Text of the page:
The music starts; there is a beep and immediately the talking, poking, and third grade wiggling stops. Immediately. Tongues curl over upper lips in concentration and hands holding grease pencils and felt-tip pens move furiously, racing to get down the answers to multiplication problems or to make as many uppercase R's as possible before the beep sounds again.
That second beep sends those hands scurrying for answer sheets, charts, and small sponges to clean the plastic that saves the work sheets for another day.
There is no teacher threatening these children with a big stick. No one has to. This is "Precision Teaching" and, according to students here in Sutton, it's fun.
According to their teachers, it may be fun, but it is also an effective tool in teaching those students their basics.
Every day an estimated 68,000 students in this country, Canada, and Great Britain practice specific arithmetic, spelling, reading, and handwriting skills trying to "overlearn" them, to learn them so well they can use them without thinking, according to Beverly Brown, the director of special education in Sutton and a certified tainer of Precision Teaching (PT) techniques.
"When we introduce it to the kids, we tell them to think about when they learned to ride a bike," she said. "At first they had to think about each move. Then they practiced and now they just get on and go."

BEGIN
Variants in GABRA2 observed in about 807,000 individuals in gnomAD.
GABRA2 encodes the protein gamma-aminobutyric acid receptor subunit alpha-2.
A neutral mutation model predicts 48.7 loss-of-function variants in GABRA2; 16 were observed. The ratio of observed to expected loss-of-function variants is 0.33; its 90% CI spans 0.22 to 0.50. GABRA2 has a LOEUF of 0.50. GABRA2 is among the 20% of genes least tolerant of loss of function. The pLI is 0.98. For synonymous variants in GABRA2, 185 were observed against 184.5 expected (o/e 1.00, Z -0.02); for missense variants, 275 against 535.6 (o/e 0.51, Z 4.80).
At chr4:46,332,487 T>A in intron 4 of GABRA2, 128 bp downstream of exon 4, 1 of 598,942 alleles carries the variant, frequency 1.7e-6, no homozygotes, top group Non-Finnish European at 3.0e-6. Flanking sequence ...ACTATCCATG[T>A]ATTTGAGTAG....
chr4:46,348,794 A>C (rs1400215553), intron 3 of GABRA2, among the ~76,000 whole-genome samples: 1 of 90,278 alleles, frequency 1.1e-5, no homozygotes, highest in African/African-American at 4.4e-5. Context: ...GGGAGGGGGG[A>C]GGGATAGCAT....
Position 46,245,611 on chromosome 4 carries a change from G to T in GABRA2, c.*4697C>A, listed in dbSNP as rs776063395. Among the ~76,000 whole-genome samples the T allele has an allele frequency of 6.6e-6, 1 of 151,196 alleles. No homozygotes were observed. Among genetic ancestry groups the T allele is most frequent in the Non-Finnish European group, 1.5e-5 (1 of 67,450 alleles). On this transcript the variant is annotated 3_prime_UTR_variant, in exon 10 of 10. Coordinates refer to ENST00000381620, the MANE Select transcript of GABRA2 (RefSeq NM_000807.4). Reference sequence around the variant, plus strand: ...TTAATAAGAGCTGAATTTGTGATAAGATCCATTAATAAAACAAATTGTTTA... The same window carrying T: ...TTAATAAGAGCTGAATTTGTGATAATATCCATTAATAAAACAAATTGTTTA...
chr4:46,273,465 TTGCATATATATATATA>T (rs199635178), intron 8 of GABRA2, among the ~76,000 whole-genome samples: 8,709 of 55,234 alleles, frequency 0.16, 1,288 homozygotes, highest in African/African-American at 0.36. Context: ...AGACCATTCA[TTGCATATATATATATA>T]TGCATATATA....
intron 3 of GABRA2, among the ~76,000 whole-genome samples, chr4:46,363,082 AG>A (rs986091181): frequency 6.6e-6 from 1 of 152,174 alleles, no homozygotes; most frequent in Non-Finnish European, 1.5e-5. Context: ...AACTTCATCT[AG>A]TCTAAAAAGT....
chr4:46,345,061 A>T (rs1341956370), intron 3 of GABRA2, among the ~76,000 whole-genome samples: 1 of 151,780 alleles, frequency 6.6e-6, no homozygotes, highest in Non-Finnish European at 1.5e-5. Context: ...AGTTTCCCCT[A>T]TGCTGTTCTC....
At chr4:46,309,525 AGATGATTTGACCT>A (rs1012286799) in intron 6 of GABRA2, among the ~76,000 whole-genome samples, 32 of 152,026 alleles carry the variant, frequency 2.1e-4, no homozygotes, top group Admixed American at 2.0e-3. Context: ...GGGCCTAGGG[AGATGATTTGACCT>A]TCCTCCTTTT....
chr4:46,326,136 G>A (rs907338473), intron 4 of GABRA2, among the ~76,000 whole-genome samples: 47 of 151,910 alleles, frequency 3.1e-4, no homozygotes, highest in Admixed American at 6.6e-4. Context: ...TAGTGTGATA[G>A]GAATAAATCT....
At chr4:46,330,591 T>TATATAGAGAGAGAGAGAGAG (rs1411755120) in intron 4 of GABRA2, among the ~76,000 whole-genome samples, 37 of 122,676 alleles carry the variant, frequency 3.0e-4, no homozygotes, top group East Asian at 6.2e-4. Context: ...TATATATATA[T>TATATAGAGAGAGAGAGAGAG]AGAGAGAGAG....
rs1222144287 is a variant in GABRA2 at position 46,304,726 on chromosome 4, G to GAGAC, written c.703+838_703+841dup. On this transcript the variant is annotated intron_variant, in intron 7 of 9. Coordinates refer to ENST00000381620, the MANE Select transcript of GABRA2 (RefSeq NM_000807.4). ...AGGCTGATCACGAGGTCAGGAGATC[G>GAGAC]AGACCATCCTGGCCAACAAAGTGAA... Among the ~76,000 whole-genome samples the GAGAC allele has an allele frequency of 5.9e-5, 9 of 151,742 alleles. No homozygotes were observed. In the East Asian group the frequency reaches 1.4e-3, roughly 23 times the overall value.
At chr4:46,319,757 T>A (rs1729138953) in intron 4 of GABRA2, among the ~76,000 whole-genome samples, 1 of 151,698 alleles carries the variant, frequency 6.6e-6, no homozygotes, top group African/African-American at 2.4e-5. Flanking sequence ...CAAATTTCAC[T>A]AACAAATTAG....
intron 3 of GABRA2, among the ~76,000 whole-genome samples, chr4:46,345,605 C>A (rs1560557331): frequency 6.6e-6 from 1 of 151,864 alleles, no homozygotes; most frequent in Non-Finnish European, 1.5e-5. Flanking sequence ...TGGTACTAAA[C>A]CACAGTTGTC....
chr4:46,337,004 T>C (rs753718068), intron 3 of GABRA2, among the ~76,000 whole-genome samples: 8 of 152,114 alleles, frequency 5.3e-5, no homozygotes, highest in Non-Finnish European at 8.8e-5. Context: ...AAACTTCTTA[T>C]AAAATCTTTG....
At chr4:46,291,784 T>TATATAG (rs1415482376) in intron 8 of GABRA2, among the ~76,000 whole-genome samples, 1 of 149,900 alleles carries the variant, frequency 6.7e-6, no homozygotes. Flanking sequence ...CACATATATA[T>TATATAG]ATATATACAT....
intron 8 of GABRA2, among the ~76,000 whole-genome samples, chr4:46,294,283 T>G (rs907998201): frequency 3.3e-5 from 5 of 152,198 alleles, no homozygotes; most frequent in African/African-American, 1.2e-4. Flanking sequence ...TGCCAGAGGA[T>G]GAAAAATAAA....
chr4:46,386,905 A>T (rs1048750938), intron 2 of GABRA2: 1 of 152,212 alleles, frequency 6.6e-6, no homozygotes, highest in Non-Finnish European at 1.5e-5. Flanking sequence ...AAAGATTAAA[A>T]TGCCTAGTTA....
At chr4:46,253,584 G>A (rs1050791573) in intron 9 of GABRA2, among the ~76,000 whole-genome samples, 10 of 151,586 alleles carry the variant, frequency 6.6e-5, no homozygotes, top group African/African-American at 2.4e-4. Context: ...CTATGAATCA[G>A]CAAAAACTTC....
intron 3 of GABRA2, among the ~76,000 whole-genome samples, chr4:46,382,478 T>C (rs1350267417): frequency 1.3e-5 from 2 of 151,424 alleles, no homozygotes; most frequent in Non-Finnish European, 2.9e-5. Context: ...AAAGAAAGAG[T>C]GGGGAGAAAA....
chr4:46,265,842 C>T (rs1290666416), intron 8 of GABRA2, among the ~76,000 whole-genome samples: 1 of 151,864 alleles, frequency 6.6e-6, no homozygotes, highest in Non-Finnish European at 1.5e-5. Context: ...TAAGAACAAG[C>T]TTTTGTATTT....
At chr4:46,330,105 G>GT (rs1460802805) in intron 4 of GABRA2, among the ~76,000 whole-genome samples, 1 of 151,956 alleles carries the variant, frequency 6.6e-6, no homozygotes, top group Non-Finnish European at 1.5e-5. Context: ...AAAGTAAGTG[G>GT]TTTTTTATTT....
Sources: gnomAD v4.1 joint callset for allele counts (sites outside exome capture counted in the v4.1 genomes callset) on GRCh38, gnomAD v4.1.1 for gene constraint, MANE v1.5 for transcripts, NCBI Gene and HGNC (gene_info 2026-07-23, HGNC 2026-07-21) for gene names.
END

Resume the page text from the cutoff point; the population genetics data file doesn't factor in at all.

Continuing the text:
PT doesn't actually teach anybody anything, Ms. Brown said. Teachers still teach. PT just helps them to their job.
It can be used to teach just about any skill. The technique was first developed in the late 1950s by psychologists working with problem adults. Today it is being used with both children and adults, both handicapped and normal, to teach everything from not kicking classmates to conjugating French verbs.
One reason it works is that all basic skills are broken down in components, Ms. Brown said. One work sheet asks the student to trace X's; another to identify acute, right, and obtuse angles; another to count change; another to identify the parts of a sewing machine.
PT gives the teacher and the student immediately feedback. Students correct their own work and see the right answers immediately.
Students chart their own progress. Rather than competing with other students , they can take pride in their own achievements, Ms. Brown said.
If a student's chart indicates after three days on one skill that no progress is being made, both teacher and student know the student needs more teaching, she said.
"So many times as teachers we correct things and give it back to kids. They say 'Ah, 75' and toss it," she said.
As students become more involved, they become more responsible for their own learning, Ms. Brown said.
"They hook into it I think because they can see progress," she said. "It feels good to get better."
The advantage of the program for teachers is that they know quickly if they are getting through to each student. And they can prepare the work sheets easily themselves.
Most of the work sheets come from a dissemination center at the Sacajawea Elementary School in Great Falls, Mont., where a model program was started in 1972. There are 9,000 work sheets on file, most developed by teachers, and they cost 5 cents each with no copy right attached.